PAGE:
The “Chariot” or “Char aux Chevaux Noirs” by Georges Braque
A color lithograph by Georges Braque, Paris, circa 1950. The color lithograph is signed in the lower right corner, and it is copy 10/75. The frame is 21.25 inches (54 cm) x 25.59 inches (65 cm), and the sheet is 10.62 inches (27 cm) x 14.17 inches (36 cm) and in excellent condition.
Georges Braque (1882-1963)
Georges Braque is considered one of the founders of Cubism, along with Pablo Picasso.
He was born in Argenteuil, a suburb of Parison on May 13, 1882. His father was a decorative painter. He moved with his family to Le Havre in 1890, where Georges completed an apprenticeship as a decorative painter. At the same time, he attended painting classes at the École des Beaux-Arts. A year later, in 1900, he studied art in Paris.
After completing his military service in 1902, Georges Braque decided to work as a freelance artist. He studied at the Hubert Academy in Paris and in the studio of the French painter Léon Bonnat (1833-1922) for a short time. The Salon d’Automne of the French Fauvists left a decisive and lasting impression on him.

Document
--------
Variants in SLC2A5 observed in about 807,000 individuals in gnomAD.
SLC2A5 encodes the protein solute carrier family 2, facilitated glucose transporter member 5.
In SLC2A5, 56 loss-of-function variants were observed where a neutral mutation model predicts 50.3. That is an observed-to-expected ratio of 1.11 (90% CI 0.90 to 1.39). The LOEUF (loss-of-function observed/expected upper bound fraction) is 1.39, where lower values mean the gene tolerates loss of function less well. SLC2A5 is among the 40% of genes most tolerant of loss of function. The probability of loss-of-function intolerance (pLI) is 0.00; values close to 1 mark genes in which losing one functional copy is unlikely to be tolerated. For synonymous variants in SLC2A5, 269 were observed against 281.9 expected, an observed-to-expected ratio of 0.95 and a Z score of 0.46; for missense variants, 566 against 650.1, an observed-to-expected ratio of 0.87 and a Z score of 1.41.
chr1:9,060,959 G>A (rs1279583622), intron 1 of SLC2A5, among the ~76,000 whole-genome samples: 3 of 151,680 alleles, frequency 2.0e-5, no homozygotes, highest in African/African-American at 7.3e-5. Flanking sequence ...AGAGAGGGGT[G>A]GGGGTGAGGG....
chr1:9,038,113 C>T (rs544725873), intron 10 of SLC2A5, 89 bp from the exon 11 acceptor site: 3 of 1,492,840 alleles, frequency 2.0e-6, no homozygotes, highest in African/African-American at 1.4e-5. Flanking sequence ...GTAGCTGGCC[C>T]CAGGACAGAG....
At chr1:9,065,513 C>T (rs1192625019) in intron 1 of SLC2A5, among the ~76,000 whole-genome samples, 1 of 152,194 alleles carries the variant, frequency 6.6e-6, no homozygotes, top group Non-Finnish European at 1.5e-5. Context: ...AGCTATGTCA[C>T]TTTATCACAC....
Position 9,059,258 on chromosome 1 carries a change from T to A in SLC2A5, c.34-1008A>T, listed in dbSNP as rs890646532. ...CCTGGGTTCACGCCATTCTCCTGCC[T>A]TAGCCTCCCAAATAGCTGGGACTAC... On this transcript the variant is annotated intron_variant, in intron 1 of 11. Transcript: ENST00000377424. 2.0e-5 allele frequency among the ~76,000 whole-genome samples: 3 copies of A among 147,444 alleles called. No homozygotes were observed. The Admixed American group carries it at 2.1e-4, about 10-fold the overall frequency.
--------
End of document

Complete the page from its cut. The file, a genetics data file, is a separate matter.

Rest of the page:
In 1907, through the mediation of Guillaume Apollinaire (French author, 1880-1918 ), Georges Braque met Pablo Picasso in the gallery of Daniel-Henry Kahnweiler (German-French gallery owner and art dealer, 1884-1979). There, he saw the paintings of Paul Cezanne for the first time, which greatly influenced his future work.
Pablo Picasso, who painted his first cubist painting “Les Desmoiselles d’Avignon” at this time, worked closely with Braque. In 1909, an art critic described Braque’s works as “cubic bizarreries” – thus creating the Cubist art style. In 1913 Braque began working on his first collages, influenced by Picasso.
After World War I left him seriously injured, he returned home and painted a great number of still lifes. From 1918 on, Braque worked closely with the cubist painter Juan Gris.
After World War II, Braque turned to representational art, creating, among other things, the glass paintings in the church of Varengeville and the ceiling paintings of the Etruscan Hall in the Louvre . During this time, he also created many color lithographs, such as “char aux chevaux noirs”.
Georges Braque died in Paris on August 31, 1963.